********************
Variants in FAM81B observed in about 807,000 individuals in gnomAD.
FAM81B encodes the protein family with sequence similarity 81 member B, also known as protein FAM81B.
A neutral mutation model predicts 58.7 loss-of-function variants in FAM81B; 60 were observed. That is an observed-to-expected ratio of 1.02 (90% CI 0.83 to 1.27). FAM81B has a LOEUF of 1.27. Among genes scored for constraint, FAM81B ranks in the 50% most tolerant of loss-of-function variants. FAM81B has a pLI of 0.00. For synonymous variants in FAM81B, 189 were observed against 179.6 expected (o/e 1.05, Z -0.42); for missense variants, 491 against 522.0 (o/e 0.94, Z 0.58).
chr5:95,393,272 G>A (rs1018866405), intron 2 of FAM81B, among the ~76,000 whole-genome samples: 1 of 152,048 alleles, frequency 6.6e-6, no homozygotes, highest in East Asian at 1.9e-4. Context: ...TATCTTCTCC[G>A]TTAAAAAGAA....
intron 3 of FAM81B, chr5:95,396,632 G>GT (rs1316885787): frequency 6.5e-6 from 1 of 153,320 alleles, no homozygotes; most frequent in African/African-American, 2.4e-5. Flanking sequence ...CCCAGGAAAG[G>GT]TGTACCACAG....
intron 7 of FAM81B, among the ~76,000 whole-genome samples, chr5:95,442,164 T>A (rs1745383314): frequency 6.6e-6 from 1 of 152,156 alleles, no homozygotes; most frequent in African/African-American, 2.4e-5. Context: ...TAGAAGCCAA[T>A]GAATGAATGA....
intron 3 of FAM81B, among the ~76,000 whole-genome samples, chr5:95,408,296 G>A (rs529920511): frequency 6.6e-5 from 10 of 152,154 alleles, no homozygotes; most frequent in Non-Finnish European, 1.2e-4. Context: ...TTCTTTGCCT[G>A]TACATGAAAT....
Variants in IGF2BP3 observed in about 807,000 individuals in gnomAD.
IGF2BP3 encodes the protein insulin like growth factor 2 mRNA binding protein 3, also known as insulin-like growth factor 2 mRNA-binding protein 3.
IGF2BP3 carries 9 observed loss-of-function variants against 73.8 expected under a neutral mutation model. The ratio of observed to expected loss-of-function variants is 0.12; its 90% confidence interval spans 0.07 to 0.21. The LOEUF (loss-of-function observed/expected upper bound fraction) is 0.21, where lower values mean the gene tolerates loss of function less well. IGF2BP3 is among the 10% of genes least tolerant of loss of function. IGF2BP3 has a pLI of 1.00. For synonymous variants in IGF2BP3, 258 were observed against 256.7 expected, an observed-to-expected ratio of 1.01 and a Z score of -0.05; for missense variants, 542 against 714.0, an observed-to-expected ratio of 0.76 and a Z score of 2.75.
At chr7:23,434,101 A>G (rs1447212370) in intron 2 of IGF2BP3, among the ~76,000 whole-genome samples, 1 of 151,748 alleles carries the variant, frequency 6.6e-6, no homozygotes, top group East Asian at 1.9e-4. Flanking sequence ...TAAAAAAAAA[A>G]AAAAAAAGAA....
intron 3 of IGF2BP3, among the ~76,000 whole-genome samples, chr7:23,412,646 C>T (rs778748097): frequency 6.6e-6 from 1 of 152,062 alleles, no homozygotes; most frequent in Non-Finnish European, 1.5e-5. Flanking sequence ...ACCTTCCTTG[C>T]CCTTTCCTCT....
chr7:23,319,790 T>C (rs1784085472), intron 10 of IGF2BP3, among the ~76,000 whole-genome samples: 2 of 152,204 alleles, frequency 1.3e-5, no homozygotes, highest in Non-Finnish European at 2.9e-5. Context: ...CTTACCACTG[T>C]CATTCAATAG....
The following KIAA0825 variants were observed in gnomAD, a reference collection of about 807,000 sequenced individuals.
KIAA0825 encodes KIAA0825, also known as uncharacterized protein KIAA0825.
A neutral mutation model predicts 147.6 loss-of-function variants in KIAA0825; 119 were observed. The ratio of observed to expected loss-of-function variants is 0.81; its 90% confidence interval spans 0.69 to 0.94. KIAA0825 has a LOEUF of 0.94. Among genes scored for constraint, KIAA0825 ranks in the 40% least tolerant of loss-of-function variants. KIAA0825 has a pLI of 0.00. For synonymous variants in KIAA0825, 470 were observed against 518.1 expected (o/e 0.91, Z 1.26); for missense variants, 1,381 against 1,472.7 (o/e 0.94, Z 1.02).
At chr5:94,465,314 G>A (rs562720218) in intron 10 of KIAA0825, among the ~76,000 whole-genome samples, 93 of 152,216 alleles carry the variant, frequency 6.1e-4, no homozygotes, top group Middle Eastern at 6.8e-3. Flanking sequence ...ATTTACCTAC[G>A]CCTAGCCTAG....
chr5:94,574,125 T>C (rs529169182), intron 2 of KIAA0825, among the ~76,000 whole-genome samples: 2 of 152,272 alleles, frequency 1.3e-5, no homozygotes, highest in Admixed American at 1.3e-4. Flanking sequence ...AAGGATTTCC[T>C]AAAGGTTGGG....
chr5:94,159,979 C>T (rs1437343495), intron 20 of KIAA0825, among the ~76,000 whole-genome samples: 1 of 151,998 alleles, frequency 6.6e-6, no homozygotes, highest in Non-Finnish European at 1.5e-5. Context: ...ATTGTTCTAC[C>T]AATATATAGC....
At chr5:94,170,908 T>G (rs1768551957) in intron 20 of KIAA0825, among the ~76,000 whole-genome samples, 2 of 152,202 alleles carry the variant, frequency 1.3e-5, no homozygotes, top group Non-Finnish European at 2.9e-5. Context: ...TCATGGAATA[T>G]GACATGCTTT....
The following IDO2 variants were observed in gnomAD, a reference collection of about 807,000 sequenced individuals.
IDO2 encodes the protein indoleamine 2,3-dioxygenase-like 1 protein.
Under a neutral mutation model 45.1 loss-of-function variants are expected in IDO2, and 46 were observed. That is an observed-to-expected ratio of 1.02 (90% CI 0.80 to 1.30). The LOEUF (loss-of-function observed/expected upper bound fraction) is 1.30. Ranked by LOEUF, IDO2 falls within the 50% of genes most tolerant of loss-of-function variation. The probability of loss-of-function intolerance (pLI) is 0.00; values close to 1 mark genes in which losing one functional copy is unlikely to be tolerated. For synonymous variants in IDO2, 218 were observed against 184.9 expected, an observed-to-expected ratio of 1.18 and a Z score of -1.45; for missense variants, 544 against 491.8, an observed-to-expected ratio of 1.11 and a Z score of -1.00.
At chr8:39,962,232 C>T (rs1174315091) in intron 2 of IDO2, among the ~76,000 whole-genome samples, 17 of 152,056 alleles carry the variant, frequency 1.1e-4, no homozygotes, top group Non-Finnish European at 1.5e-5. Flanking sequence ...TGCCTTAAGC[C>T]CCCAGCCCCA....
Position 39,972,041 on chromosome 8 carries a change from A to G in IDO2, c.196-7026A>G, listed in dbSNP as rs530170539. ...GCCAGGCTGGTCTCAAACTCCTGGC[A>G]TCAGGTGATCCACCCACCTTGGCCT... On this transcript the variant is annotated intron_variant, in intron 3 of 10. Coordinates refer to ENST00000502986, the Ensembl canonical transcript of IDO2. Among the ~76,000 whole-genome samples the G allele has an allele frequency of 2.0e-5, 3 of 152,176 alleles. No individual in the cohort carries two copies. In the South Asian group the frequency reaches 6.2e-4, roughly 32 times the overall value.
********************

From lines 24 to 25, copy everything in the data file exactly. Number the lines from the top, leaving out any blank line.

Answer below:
At chr8:39,962,232 C>T (rs1174315091) in intron 2 of IDO2, among the ~76,000 whole-genome samples, 17 of 152,056 alleles carry the variant, frequency 1.1e-4, no homozygotes, top group Non-Finnish European at 1.5e-5. Flanking sequence ...TGCCTTAAGC[C>T]CCCAGCCCCA....
Position 39,972,041 on chromosome 8 carries a change from A to G in IDO2, c.196-7026A>G, listed in dbSNP as rs530170539. ...GCCAGGCTGGTCTCAAACTCCTGGC[A>G]TCAGGTGATCCACCCACCTTGGCCT... On this transcript the variant is annotated intron_variant, in intron 3 of 10. Coordinates refer to ENST00000502986, the Ensembl canonical transcript of IDO2. Among the ~76,000 whole-genome samples the G allele has an allele frequency of 2.0e-5, 3 of 152,176 alleles. No individual in the cohort carries two copies. In the South Asian group the frequency reaches 6.2e-4, roughly 32 times the overall value.